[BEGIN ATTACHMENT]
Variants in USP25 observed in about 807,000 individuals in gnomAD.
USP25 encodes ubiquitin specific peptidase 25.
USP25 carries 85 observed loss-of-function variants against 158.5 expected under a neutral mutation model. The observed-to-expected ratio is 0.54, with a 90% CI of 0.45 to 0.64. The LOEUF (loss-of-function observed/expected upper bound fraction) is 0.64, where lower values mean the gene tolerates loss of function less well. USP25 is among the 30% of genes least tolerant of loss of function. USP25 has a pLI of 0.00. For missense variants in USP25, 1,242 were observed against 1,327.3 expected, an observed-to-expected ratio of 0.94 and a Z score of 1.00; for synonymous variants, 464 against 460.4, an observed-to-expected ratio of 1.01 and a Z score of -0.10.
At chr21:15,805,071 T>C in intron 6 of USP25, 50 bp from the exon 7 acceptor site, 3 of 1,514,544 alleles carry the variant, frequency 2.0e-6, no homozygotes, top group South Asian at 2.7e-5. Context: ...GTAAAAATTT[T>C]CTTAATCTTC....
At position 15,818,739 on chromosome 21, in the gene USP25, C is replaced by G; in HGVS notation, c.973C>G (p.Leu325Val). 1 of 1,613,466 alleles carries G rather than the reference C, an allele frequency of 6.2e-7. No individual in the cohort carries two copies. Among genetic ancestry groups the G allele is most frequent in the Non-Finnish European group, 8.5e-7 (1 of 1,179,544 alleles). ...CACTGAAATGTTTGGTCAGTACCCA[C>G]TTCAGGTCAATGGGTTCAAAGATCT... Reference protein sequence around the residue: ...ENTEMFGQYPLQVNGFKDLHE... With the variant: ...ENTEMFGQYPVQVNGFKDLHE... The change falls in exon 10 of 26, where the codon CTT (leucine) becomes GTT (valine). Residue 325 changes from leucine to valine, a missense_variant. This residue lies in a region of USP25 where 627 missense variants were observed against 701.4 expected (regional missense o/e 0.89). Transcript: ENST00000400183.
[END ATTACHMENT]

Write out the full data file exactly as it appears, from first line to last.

Variants in USP25 observed in about 807,000 individuals in gnomAD.
USP25 encodes ubiquitin specific peptidase 25.
USP25 carries 85 observed loss-of-function variants against 158.5 expected under a neutral mutation model. The observed-to-expected ratio is 0.54, with a 90% CI of 0.45 to 0.64. The LOEUF (loss-of-function observed/expected upper bound fraction) is 0.64, where lower values mean the gene tolerates loss of function less well. USP25 is among the 30% of genes least tolerant of loss of function. USP25 has a pLI of 0.00. For missense variants in USP25, 1,242 were observed against 1,327.3 expected, an observed-to-expected ratio of 0.94 and a Z score of 1.00; for synonymous variants, 464 against 460.4, an observed-to-expected ratio of 1.01 and a Z score of -0.10.
At chr21:15,805,071 T>C in intron 6 of USP25, 50 bp from the exon 7 acceptor site, 3 of 1,514,544 alleles carry the variant, frequency 2.0e-6, no homozygotes, top group South Asian at 2.7e-5. Context: ...GTAAAAATTT[T>C]CTTAATCTTC....
At position 15,818,739 on chromosome 21, in the gene USP25, C is replaced by G; in HGVS notation, c.973C>G (p.Leu325Val). 1 of 1,613,466 alleles carries G rather than the reference C, an allele frequency of 6.2e-7. No individual in the cohort carries two copies. Among genetic ancestry groups the G allele is most frequent in the Non-Finnish European group, 8.5e-7 (1 of 1,179,544 alleles). ...CACTGAAATGTTTGGTCAGTACCCA[C>G]TTCAGGTCAATGGGTTCAAAGATCT... Reference protein sequence around the residue: ...ENTEMFGQYPLQVNGFKDLHE... With the variant: ...ENTEMFGQYPVQVNGFKDLHE... The change falls in exon 10 of 26, where the codon CTT (leucine) becomes GTT (valine). Residue 325 changes from leucine to valine, a missense_variant. This residue lies in a region of USP25 where 627 missense variants were observed against 701.4 expected (regional missense o/e 0.89). Transcript: ENST00000400183.